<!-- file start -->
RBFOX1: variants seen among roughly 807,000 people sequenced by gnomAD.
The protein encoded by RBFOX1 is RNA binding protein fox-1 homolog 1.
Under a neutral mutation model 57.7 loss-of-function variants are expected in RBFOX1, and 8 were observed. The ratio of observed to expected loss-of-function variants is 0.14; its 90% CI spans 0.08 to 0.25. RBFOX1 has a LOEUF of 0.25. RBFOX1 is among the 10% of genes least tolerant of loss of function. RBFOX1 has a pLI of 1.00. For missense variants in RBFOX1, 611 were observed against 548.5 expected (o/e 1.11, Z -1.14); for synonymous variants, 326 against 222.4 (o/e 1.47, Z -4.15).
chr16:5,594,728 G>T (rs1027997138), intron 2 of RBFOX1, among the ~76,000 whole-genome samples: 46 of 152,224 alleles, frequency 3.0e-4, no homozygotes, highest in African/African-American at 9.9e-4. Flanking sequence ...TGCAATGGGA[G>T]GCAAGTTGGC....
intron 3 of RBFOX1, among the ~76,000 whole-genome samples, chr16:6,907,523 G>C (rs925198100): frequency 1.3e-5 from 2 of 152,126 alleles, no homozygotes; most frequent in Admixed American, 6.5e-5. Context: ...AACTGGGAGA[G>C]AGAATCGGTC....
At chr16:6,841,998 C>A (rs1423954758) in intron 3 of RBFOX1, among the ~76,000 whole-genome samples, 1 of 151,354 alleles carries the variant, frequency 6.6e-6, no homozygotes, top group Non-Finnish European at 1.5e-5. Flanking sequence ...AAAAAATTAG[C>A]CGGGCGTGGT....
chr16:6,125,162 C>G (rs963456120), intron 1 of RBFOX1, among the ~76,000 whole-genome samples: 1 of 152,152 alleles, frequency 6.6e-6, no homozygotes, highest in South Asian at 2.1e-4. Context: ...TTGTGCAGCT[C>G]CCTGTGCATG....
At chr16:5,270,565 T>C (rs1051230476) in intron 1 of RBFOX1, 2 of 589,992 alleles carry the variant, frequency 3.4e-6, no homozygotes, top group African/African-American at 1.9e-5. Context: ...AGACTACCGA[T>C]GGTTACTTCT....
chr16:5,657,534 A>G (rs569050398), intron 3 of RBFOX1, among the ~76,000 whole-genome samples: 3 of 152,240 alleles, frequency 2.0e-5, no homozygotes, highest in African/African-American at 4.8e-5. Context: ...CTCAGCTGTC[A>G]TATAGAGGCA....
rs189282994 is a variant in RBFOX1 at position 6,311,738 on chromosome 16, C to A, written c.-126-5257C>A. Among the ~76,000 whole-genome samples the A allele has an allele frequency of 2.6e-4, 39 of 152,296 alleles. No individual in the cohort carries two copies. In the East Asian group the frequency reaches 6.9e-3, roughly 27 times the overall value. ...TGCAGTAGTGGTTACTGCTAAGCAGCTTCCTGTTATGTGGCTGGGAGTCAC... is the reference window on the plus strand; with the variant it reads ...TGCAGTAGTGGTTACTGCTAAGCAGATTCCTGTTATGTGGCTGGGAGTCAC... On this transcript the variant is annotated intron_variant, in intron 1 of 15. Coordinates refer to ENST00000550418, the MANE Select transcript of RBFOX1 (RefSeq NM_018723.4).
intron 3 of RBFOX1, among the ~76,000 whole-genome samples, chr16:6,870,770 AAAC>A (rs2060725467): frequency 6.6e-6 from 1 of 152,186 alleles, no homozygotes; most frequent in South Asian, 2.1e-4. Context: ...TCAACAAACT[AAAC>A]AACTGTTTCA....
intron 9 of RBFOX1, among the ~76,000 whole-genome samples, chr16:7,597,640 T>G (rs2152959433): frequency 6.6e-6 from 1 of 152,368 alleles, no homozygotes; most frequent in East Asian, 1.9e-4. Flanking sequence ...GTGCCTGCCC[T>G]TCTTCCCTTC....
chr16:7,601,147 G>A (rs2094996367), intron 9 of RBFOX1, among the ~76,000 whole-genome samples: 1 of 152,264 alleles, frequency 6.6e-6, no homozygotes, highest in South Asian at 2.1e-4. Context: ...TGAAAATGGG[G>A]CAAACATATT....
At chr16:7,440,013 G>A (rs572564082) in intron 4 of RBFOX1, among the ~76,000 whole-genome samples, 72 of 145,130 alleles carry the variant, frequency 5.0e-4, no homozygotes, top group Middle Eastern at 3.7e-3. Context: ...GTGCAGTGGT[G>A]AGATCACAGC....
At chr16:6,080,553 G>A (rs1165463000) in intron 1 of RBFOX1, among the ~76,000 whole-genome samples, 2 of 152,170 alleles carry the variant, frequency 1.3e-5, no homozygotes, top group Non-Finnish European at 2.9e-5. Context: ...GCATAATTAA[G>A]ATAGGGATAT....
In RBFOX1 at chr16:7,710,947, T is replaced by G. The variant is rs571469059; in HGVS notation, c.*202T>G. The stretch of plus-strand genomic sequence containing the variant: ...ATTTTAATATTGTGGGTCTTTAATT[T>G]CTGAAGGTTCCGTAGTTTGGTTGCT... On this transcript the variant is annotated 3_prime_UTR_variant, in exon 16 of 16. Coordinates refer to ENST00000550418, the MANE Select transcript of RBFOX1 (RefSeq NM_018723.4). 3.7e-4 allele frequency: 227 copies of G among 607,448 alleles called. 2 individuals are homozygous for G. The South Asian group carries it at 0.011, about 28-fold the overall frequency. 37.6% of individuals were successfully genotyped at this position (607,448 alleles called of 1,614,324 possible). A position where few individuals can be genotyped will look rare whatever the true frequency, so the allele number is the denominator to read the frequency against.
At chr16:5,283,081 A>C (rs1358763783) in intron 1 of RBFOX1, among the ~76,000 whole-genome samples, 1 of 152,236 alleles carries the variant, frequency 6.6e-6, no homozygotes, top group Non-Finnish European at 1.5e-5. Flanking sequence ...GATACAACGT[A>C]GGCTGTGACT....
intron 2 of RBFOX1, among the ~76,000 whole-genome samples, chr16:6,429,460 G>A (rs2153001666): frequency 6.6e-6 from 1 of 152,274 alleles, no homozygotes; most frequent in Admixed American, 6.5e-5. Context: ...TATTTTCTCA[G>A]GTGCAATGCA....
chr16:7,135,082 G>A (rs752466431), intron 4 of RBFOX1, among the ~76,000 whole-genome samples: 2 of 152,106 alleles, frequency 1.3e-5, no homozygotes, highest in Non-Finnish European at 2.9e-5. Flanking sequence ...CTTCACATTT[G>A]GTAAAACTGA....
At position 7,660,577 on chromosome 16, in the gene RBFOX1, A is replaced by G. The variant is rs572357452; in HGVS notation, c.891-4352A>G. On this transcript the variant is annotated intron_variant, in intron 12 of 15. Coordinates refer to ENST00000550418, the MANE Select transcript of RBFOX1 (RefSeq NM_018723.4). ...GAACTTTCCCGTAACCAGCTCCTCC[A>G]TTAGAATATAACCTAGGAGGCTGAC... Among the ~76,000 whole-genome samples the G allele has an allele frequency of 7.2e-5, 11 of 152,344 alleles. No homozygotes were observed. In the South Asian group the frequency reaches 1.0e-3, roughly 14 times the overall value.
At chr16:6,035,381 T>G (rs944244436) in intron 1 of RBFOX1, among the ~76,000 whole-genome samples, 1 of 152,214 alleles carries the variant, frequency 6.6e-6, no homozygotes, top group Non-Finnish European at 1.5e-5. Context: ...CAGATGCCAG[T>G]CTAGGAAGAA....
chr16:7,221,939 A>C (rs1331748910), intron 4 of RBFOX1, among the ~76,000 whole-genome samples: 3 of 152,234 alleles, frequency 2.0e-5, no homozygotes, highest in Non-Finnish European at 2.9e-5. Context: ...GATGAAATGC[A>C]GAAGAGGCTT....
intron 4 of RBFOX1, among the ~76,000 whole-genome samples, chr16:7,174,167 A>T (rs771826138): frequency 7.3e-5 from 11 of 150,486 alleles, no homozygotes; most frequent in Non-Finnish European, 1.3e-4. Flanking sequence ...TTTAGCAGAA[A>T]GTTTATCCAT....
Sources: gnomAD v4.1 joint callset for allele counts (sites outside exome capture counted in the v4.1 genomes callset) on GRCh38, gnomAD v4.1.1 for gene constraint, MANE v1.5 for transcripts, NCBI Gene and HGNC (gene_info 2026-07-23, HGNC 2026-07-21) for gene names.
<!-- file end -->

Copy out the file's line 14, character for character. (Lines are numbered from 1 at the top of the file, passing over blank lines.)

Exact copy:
At chr16:7,440,013 G>A (rs572564082) in intron 4 of RBFOX1, among the ~76,000 whole-genome samples, 72 of 145,130 alleles carry the variant, frequency 5.0e-4, no homozygotes, top group Middle Eastern at 3.7e-3. Context: ...GTGCAGTGGT[G>A]AGATCACAGC....